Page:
It could be argued that Amy (Fathia Youssouf) and her friends spend the entirety of “Cuties” in a place they should not be, but at one point somewhat late in the film, a male security guard catches them in a moment of physical trespass, kicking them out of the club they’ve snuck into and the girls, no more than 11 or 12, are savvy enough to call his authority into question by screaming “pedophile” at the top of their lungs, bringing his boss into the mix to calm the situation down. Even at their precocious age, the quartet are well-aware of how the world works, but struggle with their place in it, a contradiction which may have been explored in countless coming-of-age tales, but rarely as boldly as in Maïmouna Doucouré’s startling feature debut.
While Catherine Hardwicke’s “Thirteen” comes to mind, Doucouré eschews a gritty aesthetic in favor of a subtly surreal one for the story of the young Amy, who has recently resettled in a new flat with her mother Mariam and two younger siblings, waiting for their father to join them. With Mariam rarely at home, presumably working to keep a roof over their head, Amy looks to find friends at school and for better or worse, locates Coumba, Jess and Angelica, who stand out on the schoolyard for the brawls they’re inclined to start, and as she grows a rebellious streak upon learning inadvertently that her father’s absence is due to bringing home a second wife from Senegal, she fights her way into the group quite literally, becoming a crucial part of their aspirations to win a dance crew competition.
Although their routines are fierce, “Cuties” suggests the young women are moving far too fast, clad in skintight outfits and gyrating in highly-sexualized choreography that they couldn’t even begin to fully comprehend its origin from seeing it on YouTube, though the influence of the Kardashians, namechecked at one point, has clearly reached all the way to France. The much more pernicious cultural root of this, however, is largely left offscreen as you realize that while men can do as they please, whether it’s Amy’s father running around in Senegal or her young brother Ismael, who floods the apartment thinking it would be fun to turn it into a pool, no such avenues exist for women, expected only to serve as sexual objects or to care for any resulting children, and Doucouré brilliantly articulates Amy’s search for direction into an painful binary choice, either staying the religious path her mother has taken, which has left her bound to a husband that doesn’t return her care and consideration, or leaning into sexual objectification where it seems like there’s some liberation in bold outfits and attitude.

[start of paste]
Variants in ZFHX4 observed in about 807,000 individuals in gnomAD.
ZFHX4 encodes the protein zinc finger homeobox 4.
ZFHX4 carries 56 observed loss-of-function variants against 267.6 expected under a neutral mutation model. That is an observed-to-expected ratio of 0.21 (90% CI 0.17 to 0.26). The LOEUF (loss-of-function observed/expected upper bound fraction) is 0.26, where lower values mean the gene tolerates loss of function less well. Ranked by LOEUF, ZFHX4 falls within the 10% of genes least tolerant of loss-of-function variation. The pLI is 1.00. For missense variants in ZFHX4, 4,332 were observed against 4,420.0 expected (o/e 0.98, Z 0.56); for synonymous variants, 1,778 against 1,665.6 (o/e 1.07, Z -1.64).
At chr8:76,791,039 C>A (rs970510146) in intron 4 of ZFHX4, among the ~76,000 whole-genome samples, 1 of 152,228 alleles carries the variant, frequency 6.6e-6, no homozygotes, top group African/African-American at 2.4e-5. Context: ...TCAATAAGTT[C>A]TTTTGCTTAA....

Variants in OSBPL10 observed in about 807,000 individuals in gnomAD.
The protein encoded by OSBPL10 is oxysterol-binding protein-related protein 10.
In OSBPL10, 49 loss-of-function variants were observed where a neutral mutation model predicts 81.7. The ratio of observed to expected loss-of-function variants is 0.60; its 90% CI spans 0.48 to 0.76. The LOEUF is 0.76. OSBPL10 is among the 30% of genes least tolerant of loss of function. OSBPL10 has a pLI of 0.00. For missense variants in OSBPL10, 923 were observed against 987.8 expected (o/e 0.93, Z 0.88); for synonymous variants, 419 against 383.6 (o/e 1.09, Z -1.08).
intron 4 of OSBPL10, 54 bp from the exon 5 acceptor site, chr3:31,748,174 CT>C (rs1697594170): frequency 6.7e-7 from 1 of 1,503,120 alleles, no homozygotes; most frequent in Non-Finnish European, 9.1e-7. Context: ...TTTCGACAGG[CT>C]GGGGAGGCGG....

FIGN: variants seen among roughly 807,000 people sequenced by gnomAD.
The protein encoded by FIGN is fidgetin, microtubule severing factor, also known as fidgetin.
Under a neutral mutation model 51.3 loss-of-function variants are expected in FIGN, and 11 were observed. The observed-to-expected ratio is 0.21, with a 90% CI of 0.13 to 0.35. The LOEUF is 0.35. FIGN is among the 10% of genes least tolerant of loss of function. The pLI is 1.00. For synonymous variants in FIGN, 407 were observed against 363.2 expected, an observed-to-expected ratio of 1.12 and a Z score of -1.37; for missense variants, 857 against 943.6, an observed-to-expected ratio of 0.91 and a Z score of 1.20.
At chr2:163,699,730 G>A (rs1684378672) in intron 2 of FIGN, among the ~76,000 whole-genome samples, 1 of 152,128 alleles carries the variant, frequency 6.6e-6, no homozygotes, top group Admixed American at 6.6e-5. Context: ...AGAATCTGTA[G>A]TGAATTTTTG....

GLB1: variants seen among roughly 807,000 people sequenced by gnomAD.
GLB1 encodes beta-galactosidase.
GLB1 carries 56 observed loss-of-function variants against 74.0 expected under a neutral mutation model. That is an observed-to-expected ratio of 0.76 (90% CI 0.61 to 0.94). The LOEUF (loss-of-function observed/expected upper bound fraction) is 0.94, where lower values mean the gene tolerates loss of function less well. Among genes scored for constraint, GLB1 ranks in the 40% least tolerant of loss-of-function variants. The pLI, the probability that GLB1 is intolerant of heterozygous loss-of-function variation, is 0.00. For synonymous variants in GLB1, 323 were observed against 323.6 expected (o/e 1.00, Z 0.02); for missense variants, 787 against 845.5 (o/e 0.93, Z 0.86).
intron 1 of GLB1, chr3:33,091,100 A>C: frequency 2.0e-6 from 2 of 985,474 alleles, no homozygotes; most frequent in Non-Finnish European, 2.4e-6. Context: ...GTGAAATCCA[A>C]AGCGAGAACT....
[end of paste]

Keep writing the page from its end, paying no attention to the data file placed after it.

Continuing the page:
Of course, each can quickly become their own prison and by the time “Cuties” reaches a climatic dance scene, which is right up there with the shower scene in “Psycho” in skillfully avoiding anything specifically obscene, but sure to fuel some nightmares, Doucouré has locked up the audience up in it, turning into truly transfixing cinema. Worrying that its central characters are acting beyond their years, you marvel at how the filmmaker directs beyond what should be expected of a debut feature, eliciting remarkable performances from her young cast and carefully establishing the slightly heightened world “Cuties” exists in, offering a powerful plea for society to step up its game as well.
“Cuties” will screen at the Sundance Film Festival on January 24th at 9 am at the Library Center Theatre in Park City and 9 pm at the Salt Lake City Library Theatre, January 25th at 6 pm at the Sundance Mountain Resort Screening Room in Park City, January 29th at 6 pm at the Temple Theatre in Park City and January 31st at 1 pm at the Redstone Cinema 2 in Park City.